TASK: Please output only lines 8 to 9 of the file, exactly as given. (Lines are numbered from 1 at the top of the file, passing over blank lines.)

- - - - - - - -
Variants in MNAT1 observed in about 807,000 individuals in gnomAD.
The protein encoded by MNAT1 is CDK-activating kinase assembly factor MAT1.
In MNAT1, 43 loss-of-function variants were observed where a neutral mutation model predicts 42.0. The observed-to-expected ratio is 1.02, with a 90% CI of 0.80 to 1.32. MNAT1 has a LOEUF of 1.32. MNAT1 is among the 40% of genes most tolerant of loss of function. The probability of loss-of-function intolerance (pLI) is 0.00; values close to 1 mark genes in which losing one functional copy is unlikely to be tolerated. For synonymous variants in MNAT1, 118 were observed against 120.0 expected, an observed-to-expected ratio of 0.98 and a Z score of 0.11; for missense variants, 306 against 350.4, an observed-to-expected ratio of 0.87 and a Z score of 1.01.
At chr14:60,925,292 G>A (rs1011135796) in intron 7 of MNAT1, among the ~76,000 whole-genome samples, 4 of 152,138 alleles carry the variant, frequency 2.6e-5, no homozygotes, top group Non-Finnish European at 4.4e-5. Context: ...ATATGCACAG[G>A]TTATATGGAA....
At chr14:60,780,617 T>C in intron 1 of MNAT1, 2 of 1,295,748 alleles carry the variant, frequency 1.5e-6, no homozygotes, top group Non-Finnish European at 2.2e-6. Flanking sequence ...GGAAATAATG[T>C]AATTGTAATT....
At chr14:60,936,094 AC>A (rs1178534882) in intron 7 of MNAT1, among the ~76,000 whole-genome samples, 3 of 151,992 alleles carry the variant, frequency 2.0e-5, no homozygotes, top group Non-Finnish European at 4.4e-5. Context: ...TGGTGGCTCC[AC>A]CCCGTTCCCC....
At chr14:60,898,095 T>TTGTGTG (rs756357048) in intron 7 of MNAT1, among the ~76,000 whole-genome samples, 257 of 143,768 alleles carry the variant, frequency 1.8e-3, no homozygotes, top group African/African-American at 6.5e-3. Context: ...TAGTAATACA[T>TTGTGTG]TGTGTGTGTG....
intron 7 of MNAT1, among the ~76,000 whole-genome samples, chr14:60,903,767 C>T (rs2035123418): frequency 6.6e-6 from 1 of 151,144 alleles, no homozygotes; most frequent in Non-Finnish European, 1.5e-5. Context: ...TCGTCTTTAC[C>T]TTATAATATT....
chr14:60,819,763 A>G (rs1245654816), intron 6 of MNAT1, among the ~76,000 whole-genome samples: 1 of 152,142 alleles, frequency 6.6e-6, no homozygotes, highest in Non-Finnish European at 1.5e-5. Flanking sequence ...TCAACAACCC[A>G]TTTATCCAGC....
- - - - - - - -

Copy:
intron 7 of MNAT1, among the ~76,000 whole-genome samples, chr14:60,903,767 C>T (rs2035123418): frequency 6.6e-6 from 1 of 151,144 alleles, no homozygotes; most frequent in Non-Finnish European, 1.5e-5. Context: ...TCGTCTTTAC[C>T]TTATAATATT....
chr14:60,819,763 A>G (rs1245654816), intron 6 of MNAT1, among the ~76,000 whole-genome samples: 1 of 152,142 alleles, frequency 6.6e-6, no homozygotes, highest in Non-Finnish European at 1.5e-5. Flanking sequence ...TCAACAACCC[A>G]TTTATCCAGC....